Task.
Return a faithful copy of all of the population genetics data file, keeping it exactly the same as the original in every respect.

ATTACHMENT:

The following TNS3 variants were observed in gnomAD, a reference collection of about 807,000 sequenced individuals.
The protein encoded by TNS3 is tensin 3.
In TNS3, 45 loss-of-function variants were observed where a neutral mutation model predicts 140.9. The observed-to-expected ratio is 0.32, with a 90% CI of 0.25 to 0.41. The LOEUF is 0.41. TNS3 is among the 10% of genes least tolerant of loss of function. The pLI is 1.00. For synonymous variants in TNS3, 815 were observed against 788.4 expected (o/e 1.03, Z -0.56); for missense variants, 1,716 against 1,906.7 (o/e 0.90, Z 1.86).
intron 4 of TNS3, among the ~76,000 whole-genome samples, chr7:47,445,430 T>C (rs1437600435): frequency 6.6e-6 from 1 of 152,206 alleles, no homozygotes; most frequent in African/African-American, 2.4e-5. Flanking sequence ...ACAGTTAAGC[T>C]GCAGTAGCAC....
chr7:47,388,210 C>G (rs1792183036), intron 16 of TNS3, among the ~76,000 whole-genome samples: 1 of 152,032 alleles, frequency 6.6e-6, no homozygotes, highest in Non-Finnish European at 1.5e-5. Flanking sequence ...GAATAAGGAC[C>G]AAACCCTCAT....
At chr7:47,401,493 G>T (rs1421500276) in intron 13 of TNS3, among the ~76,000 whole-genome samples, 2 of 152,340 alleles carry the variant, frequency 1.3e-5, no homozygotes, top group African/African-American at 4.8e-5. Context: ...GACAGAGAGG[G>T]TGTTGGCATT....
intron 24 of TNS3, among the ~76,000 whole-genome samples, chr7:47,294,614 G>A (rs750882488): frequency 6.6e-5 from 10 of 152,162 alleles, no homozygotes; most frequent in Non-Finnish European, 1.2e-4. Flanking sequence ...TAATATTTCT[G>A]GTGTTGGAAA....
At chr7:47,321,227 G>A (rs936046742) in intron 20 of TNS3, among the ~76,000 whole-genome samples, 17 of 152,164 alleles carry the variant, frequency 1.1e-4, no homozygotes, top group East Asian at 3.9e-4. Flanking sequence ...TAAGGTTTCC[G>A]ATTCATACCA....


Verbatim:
The following TNS3 variants were observed in gnomAD, a reference collection of about 807,000 sequenced individuals.
The protein encoded by TNS3 is tensin 3.
In TNS3, 45 loss-of-function variants were observed where a neutral mutation model predicts 140.9. The observed-to-expected ratio is 0.32, with a 90% CI of 0.25 to 0.41. The LOEUF is 0.41. TNS3 is among the 10% of genes least tolerant of loss of function. The pLI is 1.00. For synonymous variants in TNS3, 815 were observed against 788.4 expected (o/e 1.03, Z -0.56); for missense variants, 1,716 against 1,906.7 (o/e 0.90, Z 1.86).
intron 4 of TNS3, among the ~76,000 whole-genome samples, chr7:47,445,430 T>C (rs1437600435): frequency 6.6e-6 from 1 of 152,206 alleles, no homozygotes; most frequent in African/African-American, 2.4e-5. Flanking sequence ...ACAGTTAAGC[T>C]GCAGTAGCAC....
chr7:47,388,210 C>G (rs1792183036), intron 16 of TNS3, among the ~76,000 whole-genome samples: 1 of 152,032 alleles, frequency 6.6e-6, no homozygotes, highest in Non-Finnish European at 1.5e-5. Flanking sequence ...GAATAAGGAC[C>G]AAACCCTCAT....
At chr7:47,401,493 G>T (rs1421500276) in intron 13 of TNS3, among the ~76,000 whole-genome samples, 2 of 152,340 alleles carry the variant, frequency 1.3e-5, no homozygotes, top group African/African-American at 4.8e-5. Context: ...GACAGAGAGG[G>T]TGTTGGCATT....
intron 24 of TNS3, among the ~76,000 whole-genome samples, chr7:47,294,614 G>A (rs750882488): frequency 6.6e-5 from 10 of 152,162 alleles, no homozygotes; most frequent in Non-Finnish European, 1.2e-4. Flanking sequence ...TAATATTTCT[G>A]GTGTTGGAAA....
At chr7:47,321,227 G>A (rs936046742) in intron 20 of TNS3, among the ~76,000 whole-genome samples, 17 of 152,164 alleles carry the variant, frequency 1.1e-4, no homozygotes, top group East Asian at 3.9e-4. Flanking sequence ...TAAGGTTTCC[G>A]ATTCATACCA....